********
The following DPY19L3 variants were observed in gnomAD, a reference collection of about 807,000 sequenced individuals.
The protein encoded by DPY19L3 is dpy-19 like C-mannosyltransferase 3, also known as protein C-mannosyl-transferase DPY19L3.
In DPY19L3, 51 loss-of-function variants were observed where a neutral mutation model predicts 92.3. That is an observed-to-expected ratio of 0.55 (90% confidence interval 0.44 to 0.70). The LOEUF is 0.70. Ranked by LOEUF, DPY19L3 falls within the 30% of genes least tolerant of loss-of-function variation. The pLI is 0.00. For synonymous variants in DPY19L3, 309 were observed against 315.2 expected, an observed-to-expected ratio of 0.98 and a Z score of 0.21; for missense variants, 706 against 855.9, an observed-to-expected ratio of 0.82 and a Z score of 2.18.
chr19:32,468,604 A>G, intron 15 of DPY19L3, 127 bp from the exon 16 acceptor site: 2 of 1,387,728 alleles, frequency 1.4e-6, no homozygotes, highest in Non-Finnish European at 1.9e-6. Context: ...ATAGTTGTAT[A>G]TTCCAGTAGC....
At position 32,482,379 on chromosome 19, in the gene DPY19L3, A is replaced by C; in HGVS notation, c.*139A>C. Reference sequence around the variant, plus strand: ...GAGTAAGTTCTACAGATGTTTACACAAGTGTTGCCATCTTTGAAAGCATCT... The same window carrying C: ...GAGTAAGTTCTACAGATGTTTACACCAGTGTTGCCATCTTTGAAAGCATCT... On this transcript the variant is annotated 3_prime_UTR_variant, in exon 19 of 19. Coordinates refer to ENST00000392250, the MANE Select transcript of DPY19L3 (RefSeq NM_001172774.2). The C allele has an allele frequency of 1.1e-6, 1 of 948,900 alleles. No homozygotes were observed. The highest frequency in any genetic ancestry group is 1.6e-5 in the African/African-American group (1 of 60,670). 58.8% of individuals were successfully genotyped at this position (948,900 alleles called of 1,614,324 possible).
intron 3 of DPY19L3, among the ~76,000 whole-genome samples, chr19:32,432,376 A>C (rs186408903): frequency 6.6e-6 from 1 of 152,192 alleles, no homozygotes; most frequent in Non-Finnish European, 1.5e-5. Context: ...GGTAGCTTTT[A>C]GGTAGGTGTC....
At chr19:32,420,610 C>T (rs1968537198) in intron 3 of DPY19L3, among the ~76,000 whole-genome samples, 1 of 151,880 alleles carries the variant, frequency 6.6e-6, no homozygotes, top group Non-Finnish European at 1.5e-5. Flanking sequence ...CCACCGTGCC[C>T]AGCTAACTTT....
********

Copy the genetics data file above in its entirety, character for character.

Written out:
The following DPY19L3 variants were observed in gnomAD, a reference collection of about 807,000 sequenced individuals.
The protein encoded by DPY19L3 is dpy-19 like C-mannosyltransferase 3, also known as protein C-mannosyl-transferase DPY19L3.
In DPY19L3, 51 loss-of-function variants were observed where a neutral mutation model predicts 92.3. That is an observed-to-expected ratio of 0.55 (90% confidence interval 0.44 to 0.70). The LOEUF is 0.70. Ranked by LOEUF, DPY19L3 falls within the 30% of genes least tolerant of loss-of-function variation. The pLI is 0.00. For synonymous variants in DPY19L3, 309 were observed against 315.2 expected, an observed-to-expected ratio of 0.98 and a Z score of 0.21; for missense variants, 706 against 855.9, an observed-to-expected ratio of 0.82 and a Z score of 2.18.
chr19:32,468,604 A>G, intron 15 of DPY19L3, 127 bp from the exon 16 acceptor site: 2 of 1,387,728 alleles, frequency 1.4e-6, no homozygotes, highest in Non-Finnish European at 1.9e-6. Context: ...ATAGTTGTAT[A>G]TTCCAGTAGC....
At position 32,482,379 on chromosome 19, in the gene DPY19L3, A is replaced by C; in HGVS notation, c.*139A>C. Reference sequence around the variant, plus strand: ...GAGTAAGTTCTACAGATGTTTACACAAGTGTTGCCATCTTTGAAAGCATCT... The same window carrying C: ...GAGTAAGTTCTACAGATGTTTACACCAGTGTTGCCATCTTTGAAAGCATCT... On this transcript the variant is annotated 3_prime_UTR_variant, in exon 19 of 19. Coordinates refer to ENST00000392250, the MANE Select transcript of DPY19L3 (RefSeq NM_001172774.2). The C allele has an allele frequency of 1.1e-6, 1 of 948,900 alleles. No homozygotes were observed. The highest frequency in any genetic ancestry group is 1.6e-5 in the African/African-American group (1 of 60,670). 58.8% of individuals were successfully genotyped at this position (948,900 alleles called of 1,614,324 possible).
intron 3 of DPY19L3, among the ~76,000 whole-genome samples, chr19:32,432,376 A>C (rs186408903): frequency 6.6e-6 from 1 of 152,192 alleles, no homozygotes; most frequent in Non-Finnish European, 1.5e-5. Context: ...GGTAGCTTTT[A>C]GGTAGGTGTC....
At chr19:32,420,610 C>T (rs1968537198) in intron 3 of DPY19L3, among the ~76,000 whole-genome samples, 1 of 151,880 alleles carries the variant, frequency 6.6e-6, no homozygotes, top group Non-Finnish European at 1.5e-5. Flanking sequence ...CCACCGTGCC[C>T]AGCTAACTTT....